Augas maanin come again
Aagas maanin Jubilee
Queen Victoria Jubilee
This is the year of Jubilee
Queen Victoria gi we free
“Aagas maanin” (August morning) is clearly the First of August and a reference to Emancipation. The mention of Queen Victoria is also linked to emancipation because the Africans had a firm belief in that monarch and gave her all the credit for ending slavery. However the song is also celebrating “Queen Victoria Jubilee” which coincided with the 50th anniversary of Emancipation; the two were celebrated together in 1888 in the Caribbean. It is not clear, therefore, whether the origin of Bruckins was 1834, 1838, 1887 or 1888.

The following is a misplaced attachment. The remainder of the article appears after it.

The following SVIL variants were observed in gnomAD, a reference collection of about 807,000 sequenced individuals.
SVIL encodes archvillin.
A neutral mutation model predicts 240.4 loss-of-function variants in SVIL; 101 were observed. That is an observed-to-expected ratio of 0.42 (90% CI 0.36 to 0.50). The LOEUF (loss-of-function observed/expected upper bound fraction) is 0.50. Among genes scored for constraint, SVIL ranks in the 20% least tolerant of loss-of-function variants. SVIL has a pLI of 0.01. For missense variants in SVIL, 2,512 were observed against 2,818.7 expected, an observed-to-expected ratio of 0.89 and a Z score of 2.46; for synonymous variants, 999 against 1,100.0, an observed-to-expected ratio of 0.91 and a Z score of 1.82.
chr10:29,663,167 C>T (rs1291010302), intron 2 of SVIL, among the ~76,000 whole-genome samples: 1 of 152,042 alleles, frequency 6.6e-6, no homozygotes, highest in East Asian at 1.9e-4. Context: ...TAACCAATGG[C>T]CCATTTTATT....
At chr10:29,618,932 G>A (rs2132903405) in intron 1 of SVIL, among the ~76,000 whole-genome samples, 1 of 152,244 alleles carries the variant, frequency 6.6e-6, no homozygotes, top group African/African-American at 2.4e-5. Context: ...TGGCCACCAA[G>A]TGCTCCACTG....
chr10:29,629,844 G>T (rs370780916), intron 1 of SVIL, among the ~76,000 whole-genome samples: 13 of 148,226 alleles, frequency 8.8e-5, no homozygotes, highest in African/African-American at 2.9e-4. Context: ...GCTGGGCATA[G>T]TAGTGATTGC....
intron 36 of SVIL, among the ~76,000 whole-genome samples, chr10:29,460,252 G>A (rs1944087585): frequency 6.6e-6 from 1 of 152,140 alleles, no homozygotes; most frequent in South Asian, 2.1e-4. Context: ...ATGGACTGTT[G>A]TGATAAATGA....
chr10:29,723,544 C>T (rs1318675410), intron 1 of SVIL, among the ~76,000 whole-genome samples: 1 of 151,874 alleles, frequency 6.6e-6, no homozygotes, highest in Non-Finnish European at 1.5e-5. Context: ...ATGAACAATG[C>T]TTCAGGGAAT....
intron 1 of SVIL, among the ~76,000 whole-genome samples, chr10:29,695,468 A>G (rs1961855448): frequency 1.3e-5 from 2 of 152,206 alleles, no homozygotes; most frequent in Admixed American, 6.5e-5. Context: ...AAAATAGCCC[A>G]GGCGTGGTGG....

Along with the ‘English Royalty,’ the dance involves rival courts, the Red and the Blue sets, who carry sticks and sometimes engage in a stick fight. The same rivalry is expressed in the Jonkunnu with its Set Girls in red or blue. The name “bruckins” likely comes from a particular part of the dance.
The dancers move in stately steps with one foot extended straight in front and the other knee bent. The dancers will execute a pelvic movement followed by a sudden break and spin, thus the “bruckins”. These were all suggested in the NDC choreography and are known features of African dance.
‘A Celebration of African Heritage’ by the NDC therefore demonstrates the company’s research into African dance which it interpreted in the ways analysed above. The emphasis was on modern choreographies but it appropriately sought to treat with various approaches to African dance at the time of the anniversary of Emancipation.